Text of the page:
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September 30, 2005

McGuinness Barred From US Fund Raising

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News about Ireland and the Irish

IT 09/30/05 McGuinness Barred From Raising Funds On US Trip
SF 09/29/05 Unionists Need To Grasp Opportunity
BB 09/29/05 Home Attack Treated As Murder Bid
SF 09/29/05 Methodist Church Attack Condemned
AP 09/29/05 Experts Say IRA Has Criminal Empire
BT 09/29/05 GAA Hits Back In Attacks Dispute
BT 09/29/05 Premiers Plan To Push Ahead


McGuinness Barred From Raising Funds On US Trip

Sinn Féin chief negotiator Martin McGuinness has been
barred by the US State Department from fundraising in the
US this week, despite the decommissioning of weapons by the
IRA, writes Mark Hennessy, Political Correspondent, in

The move has worried the party's Irish-American supporters
in advance of next month's Friends of Sinn Féin fundraiser
in New York, though Sinn Féin sought to downplay its
significance last night.

The annual Manhattan dinner, which costs $500 a head and is
usually attended by senior Sinn Féin figures such as Mr
McGuinness and party leader Gerry Adams, raises up to
$400,000 for the party's coffers.

Heeding a warning last March from the White House in the
wake of the Belfast killing of Robert McCartney, Sinn Féin
did not apply for fundraising rights when Mr Adams
travelled to the US for St Patrick's Day.

Under US State Department rules, foreign politicians have
to apply for permission to raise funds from US donors
before each of their visits to the country.

The restriction, The Irish Times understands, was
specifically mentioned by the US special envoy to Northern
Ireland, Mitchell Reiss, when he met Mr McGuinness in
Washington on Tuesday, though he had been told of it before
he travelled.

Efforts are now expected from Irish-American supporters to
get the ban lifted quickly. "There is no question but that
it will be a big problem next month if it is not lifted,"
one informed source commented last night.

The exact reasons for the US decision are not yet clear,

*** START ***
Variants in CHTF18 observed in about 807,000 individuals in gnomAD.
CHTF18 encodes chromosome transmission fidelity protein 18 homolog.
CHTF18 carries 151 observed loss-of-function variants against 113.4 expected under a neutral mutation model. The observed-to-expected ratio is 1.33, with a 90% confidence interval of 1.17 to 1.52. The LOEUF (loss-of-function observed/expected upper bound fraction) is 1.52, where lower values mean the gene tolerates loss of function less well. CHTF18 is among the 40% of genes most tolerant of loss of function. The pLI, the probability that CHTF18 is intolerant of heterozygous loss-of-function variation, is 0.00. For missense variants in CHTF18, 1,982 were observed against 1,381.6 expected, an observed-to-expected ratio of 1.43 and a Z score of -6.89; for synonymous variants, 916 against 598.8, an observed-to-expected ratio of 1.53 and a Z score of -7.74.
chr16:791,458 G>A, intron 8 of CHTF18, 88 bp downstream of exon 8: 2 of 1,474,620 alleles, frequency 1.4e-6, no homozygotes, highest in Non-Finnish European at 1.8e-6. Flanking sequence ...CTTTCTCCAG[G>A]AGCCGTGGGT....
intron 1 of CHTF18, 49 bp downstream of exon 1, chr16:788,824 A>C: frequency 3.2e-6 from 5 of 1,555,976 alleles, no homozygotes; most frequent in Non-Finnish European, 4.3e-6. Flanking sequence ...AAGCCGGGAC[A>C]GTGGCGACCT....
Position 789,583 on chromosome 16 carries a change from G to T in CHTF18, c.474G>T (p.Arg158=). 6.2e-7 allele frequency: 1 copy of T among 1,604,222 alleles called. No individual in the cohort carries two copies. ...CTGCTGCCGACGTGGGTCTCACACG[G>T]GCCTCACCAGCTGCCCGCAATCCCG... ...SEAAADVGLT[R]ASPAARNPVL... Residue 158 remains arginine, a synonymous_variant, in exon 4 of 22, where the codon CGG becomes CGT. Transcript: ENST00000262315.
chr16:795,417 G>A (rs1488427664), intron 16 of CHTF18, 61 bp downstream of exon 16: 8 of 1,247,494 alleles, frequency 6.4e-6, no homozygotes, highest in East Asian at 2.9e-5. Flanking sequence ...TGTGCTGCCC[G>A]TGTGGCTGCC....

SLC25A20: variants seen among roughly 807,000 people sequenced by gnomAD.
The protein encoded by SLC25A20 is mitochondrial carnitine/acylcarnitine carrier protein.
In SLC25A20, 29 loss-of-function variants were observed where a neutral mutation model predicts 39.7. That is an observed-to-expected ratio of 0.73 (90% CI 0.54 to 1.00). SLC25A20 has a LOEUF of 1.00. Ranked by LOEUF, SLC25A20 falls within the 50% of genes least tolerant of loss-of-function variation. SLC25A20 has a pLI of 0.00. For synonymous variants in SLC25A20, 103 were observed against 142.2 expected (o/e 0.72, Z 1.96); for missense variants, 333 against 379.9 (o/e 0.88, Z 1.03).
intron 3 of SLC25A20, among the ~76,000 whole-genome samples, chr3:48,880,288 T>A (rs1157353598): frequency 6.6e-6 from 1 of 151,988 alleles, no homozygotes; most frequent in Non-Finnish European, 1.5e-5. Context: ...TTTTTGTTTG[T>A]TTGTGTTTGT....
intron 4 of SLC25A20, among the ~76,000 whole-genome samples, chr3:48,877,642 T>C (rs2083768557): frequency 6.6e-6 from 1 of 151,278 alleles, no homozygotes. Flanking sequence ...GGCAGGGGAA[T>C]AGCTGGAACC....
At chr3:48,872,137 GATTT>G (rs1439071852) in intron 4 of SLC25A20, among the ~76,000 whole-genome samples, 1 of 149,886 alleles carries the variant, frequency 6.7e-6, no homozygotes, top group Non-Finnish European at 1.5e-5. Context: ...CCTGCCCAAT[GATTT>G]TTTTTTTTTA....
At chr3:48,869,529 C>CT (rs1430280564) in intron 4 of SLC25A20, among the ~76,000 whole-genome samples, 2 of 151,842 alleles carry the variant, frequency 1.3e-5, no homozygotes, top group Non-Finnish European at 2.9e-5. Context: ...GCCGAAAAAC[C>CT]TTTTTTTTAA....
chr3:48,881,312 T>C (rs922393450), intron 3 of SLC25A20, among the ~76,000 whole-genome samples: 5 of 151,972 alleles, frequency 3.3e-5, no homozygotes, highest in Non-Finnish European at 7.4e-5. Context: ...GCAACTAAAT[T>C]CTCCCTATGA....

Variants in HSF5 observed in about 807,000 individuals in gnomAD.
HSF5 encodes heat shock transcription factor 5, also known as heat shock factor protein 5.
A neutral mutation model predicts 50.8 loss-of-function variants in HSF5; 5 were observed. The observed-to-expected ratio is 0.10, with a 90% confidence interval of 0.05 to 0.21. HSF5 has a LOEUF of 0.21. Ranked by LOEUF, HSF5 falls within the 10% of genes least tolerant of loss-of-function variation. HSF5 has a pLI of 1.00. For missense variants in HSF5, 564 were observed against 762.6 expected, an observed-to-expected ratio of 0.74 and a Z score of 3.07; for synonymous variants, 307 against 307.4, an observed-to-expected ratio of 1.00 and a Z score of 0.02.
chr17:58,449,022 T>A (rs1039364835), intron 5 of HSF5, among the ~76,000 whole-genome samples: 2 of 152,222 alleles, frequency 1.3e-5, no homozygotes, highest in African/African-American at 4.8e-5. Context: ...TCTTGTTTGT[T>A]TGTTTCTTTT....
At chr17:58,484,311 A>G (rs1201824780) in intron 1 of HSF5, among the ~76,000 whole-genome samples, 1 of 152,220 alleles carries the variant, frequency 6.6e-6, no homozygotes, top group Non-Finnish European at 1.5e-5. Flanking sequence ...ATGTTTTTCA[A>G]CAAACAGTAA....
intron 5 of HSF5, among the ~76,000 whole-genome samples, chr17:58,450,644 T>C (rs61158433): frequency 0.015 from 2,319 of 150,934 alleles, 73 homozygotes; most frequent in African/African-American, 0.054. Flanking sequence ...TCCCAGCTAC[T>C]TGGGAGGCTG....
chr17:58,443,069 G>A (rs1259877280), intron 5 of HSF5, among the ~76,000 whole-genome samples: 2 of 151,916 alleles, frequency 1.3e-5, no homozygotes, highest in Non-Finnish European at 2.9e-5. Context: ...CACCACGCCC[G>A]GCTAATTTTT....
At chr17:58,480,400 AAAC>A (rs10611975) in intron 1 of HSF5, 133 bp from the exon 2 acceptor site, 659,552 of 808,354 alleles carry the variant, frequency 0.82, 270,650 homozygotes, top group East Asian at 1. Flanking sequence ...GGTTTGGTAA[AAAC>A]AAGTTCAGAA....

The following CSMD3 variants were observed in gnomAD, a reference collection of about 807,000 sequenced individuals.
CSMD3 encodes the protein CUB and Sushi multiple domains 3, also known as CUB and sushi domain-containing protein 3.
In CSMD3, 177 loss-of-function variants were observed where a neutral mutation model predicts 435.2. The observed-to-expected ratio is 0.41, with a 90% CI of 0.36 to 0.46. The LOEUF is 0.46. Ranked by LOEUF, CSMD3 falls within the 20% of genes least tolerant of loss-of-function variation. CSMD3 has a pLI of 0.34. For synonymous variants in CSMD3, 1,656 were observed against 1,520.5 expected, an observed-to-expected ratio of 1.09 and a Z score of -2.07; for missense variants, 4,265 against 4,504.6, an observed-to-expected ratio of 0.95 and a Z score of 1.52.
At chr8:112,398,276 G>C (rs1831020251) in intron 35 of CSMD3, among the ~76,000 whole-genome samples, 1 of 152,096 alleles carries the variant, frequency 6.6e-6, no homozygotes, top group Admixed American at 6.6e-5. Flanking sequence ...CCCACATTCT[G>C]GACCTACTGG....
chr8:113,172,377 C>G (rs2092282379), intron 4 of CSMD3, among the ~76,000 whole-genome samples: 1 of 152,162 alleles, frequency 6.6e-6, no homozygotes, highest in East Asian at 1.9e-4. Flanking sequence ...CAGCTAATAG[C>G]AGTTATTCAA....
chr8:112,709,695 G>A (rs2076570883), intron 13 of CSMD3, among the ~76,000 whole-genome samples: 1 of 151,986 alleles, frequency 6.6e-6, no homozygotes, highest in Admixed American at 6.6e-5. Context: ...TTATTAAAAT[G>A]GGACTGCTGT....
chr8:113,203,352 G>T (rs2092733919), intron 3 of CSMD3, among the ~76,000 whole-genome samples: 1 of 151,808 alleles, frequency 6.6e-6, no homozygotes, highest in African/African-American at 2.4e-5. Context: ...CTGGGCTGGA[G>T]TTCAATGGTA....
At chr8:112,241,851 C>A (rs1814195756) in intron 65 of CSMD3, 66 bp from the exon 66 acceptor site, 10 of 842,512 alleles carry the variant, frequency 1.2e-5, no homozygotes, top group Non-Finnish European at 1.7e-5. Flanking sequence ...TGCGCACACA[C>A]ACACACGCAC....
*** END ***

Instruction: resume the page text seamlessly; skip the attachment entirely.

though it could reflect White House caution about the IRA
before the Independent Monitoring Commission issues the
second of its reports next January.

Mr Reiss last night refused to discuss the visa restriction
on Mr McGuinness. "US officials are not allowed to talk
about the visa application of any individual."

Last night, a Sinn Féin spokeswoman said: "The fundraising
wasn't a big part of this trip. He is doing all the
political work that he intended to do on the west coast.

"We are hopeful that on the next trip he will be able to
fundraise. We don't see this as a long-term problem. This
trip was put together at the last minute," she said.

Mr McGuinness will travel to Seattle today before going on
to San Francisco tomorrow and San Diego on Sunday. He
concludes the US leg of his visit in Phoenix on Monday.

He will travel to Calgary in Canada on Monday and speak at
a $100-a-head Friends of Sinn Féin (Canada) dinner there
that evening.

© The Irish Times


DUP in 'frank' meeting with arms witnesses

Mark Hennessy, Political Correspondent

The Democratic Unionist Party yesterday held two hours of
"frank" talks in Stormont with the Catholic and Protestant
clergymen who witnessed IRA decommissioning last week.

However, the DUP delegation, led by the party's leader Dr
Ian Paisley, was tight-lipped after the encounter in
Stormont with Fr Alec Reid and Rev Harold Good.

"We had a useful, frank and detailed discussion. I don't
want to say anything more. We have genuine concerns about
what happened," a DUP spokesman said last night.

The DUP was sharply criticised for apparently questioning
the integrity of the two churchmen, following the
announcement by Gen John de Chastelain that decommissioning
had taken place.

Speaking on Tuesday, following a lengthy meeting with Gen
de Chastelain, Dr Paisley declared: "The more the
searchlight is put on this, the more we discover that there
is a cover-up." The DUP leader had also said then that he
had been "shocked" to discover the two clergymen had not